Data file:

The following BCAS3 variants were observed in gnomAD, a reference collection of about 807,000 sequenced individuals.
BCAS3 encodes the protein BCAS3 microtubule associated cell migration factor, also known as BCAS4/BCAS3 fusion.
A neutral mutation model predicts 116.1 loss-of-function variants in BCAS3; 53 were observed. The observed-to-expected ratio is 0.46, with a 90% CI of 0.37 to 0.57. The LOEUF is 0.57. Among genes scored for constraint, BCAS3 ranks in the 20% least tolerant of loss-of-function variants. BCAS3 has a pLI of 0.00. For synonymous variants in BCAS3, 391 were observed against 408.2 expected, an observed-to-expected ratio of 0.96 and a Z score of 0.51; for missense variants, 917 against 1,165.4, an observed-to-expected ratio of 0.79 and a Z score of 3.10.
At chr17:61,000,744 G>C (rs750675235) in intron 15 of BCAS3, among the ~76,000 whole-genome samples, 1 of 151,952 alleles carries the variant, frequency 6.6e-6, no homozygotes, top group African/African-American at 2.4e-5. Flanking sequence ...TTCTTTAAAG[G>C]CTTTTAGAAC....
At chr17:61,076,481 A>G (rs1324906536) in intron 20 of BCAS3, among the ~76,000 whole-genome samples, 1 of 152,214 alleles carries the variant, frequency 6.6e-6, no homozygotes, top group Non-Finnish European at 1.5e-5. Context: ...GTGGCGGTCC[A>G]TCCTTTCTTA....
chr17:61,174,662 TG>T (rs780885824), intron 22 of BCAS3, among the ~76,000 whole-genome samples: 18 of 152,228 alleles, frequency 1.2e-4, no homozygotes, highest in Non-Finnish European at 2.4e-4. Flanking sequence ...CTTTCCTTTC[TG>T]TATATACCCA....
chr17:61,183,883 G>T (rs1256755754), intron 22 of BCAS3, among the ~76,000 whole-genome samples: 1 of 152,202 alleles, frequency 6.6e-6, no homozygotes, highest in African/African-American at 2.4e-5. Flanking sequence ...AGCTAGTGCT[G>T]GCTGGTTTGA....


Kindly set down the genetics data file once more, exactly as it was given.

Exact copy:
The following BCAS3 variants were observed in gnomAD, a reference collection of about 807,000 sequenced individuals.
BCAS3 encodes the protein BCAS3 microtubule associated cell migration factor, also known as BCAS4/BCAS3 fusion.
A neutral mutation model predicts 116.1 loss-of-function variants in BCAS3; 53 were observed. The observed-to-expected ratio is 0.46, with a 90% CI of 0.37 to 0.57. The LOEUF is 0.57. Among genes scored for constraint, BCAS3 ranks in the 20% least tolerant of loss-of-function variants. BCAS3 has a pLI of 0.00. For synonymous variants in BCAS3, 391 were observed against 408.2 expected, an observed-to-expected ratio of 0.96 and a Z score of 0.51; for missense variants, 917 against 1,165.4, an observed-to-expected ratio of 0.79 and a Z score of 3.10.
At chr17:61,000,744 G>C (rs750675235) in intron 15 of BCAS3, among the ~76,000 whole-genome samples, 1 of 151,952 alleles carries the variant, frequency 6.6e-6, no homozygotes, top group African/African-American at 2.4e-5. Flanking sequence ...TTCTTTAAAG[G>C]CTTTTAGAAC....
At chr17:61,076,481 A>G (rs1324906536) in intron 20 of BCAS3, among the ~76,000 whole-genome samples, 1 of 152,214 alleles carries the variant, frequency 6.6e-6, no homozygotes, top group Non-Finnish European at 1.5e-5. Context: ...GTGGCGGTCC[A>G]TCCTTTCTTA....
chr17:61,174,662 TG>T (rs780885824), intron 22 of BCAS3, among the ~76,000 whole-genome samples: 18 of 152,228 alleles, frequency 1.2e-4, no homozygotes, highest in Non-Finnish European at 2.4e-4. Flanking sequence ...CTTTCCTTTC[TG>T]TATATACCCA....
chr17:61,183,883 G>T (rs1256755754), intron 22 of BCAS3, among the ~76,000 whole-genome samples: 1 of 152,202 alleles, frequency 6.6e-6, no homozygotes, highest in African/African-American at 2.4e-5. Flanking sequence ...AGCTAGTGCT[G>T]GCTGGTTTGA....